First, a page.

RESTAURANT REVIEW The Wine Cellar
Real French Fondue, Right Down the Street
The Wine Cellar
30 Massachusetts Ave., Boston, Mass. 02115
Open Tuesday–Sunday 5:30–10:30 p.m.
School is finished, and the summer is upon us. Who wouldn’t want to visit the cheese capital of the world — beautiful France — with her rolling countryside and complex wines? Fortunately, Thierry Charles of The Wine Cellar, the fondue restaurant located conveniently across the Harvard Bridge, has brought France to Back Bay. With its exposed brick and wrought iron, The Wine Cellar is a very cozy place, perfect for intimate gatherings of close friends and family and even better for getting to know a new group of people. The cook-it-yourself fondue style fosters conversation and makes the meal feel more like a group activity than a simple dinner.
My date, Eric, and I arrived and were promptly greeted by several of the waiters and the owner himself, who enthusiastically professed his love for being at his restaurant every night.
We received numerous suggestions about which of the many menu offerings to try. The best suggestion of all? Don’t miss the authentic experience, which always includes the traditional cheese fondue, a bubbling mixture of gruyere and emmental cheeses with cracked pepper and a splash of kirsh in a garlic-rubbed pot. The second best suggestion? Cheese can be really filling; move slowly on the cheese fondue, so you can make it to the meat!
The fondue dinner is meant to be shared, so Eric and I ordered together. We decided to start with the Classic ($21 for two), the traditional cheese fondue, and the Savoyard Raclette ($21 for two), which is a classy, Brandy-enfused French version of the nacho complete with bread covered in miniature sweet pickles, creamy cheese, ham, and mushrooms. Both dishes were delicious, and I had trouble keeping myself from devouring the entire basket of bread and potatoes, cubed into bite-size pieces perfect for dipping into the cheese.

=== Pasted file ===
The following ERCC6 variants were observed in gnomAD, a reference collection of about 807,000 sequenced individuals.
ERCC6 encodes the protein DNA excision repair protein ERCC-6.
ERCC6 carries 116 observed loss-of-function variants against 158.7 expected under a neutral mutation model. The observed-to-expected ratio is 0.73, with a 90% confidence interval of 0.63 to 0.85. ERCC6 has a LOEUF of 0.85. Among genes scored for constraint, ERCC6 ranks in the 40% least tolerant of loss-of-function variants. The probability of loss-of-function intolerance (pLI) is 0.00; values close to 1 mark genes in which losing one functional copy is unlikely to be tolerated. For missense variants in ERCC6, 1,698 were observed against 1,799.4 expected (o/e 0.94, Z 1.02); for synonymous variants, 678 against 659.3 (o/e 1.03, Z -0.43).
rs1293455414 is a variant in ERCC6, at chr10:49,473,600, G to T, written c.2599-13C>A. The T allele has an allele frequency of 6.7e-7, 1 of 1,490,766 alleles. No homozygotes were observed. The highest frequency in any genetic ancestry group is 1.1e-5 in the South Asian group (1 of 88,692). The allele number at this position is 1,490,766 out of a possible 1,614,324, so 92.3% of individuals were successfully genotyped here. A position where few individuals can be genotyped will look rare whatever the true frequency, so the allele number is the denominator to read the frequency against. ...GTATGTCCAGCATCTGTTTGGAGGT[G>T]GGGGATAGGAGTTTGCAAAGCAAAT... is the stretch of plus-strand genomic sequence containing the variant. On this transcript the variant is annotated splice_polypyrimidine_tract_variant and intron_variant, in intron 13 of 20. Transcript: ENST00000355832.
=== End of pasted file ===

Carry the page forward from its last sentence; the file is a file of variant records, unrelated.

Fortunately, we were able to maintain a slow pace and make it to the meat course. Eric and I chose the traditional beef tenderloins ($28) and the more exotic Crazy French ($45), including marinated kangaroo, ostrich fillet, and rabbit loin. We had two types of fondue pots for cooking our meats; one was an oil-based pot and the other was a vegetable broth. The oil pot was extremely fast to cook with, taking under less than a minute, but the vegetable broth slow-cooked the meat to perfection. Though the traditional meats were very tasty, especially when dipped into the seven special sauces available, Eric and I best loved the kangaroo meat. I’d try to describe it, but none of the other meats I’ve tried come close. If you’re a meat-lover, I definitely recommend trying the Crazy French, as one of the few dishes in Boston I’ve seen with an exotic meat choice!
Finally, for dessert we had the Classic ($18), a dark chocolate fondue with a hint of the orange-flavored Grand Marnier liquor. This fondue came with a gorgeous arrangement of seasonal fruits, marshmallows, lady fingers, and mini-brownies, all for dipping into the sweet chocolate. We ate everything on the plate and were kindly offered more fruits and cookies to finish off all the extra chocolate. Though the description sounded somewhat plain, I’m convinced they put something special into the chocolate because the taste was wonderfully rich.
Though The Wine Cellar may seem a bit pricey from the description and I definitely enjoyed taking every excursion on the menu, do know that I would have been just as satiated having even half the amount of food. The portions were quite generous (meals for two could easily mean a meal for three or four!), and the waiters were always willing to bring more bread, potatoes, sauces, and cookies to help finish the last bit of the pot. Still, I’d recommend the place for special occasions. The cozy atmosphere lends itself very well to special events. Make sure to make a reservation though, because by 7 p.m., even on a Tuesday night, this popular dinner destination was full!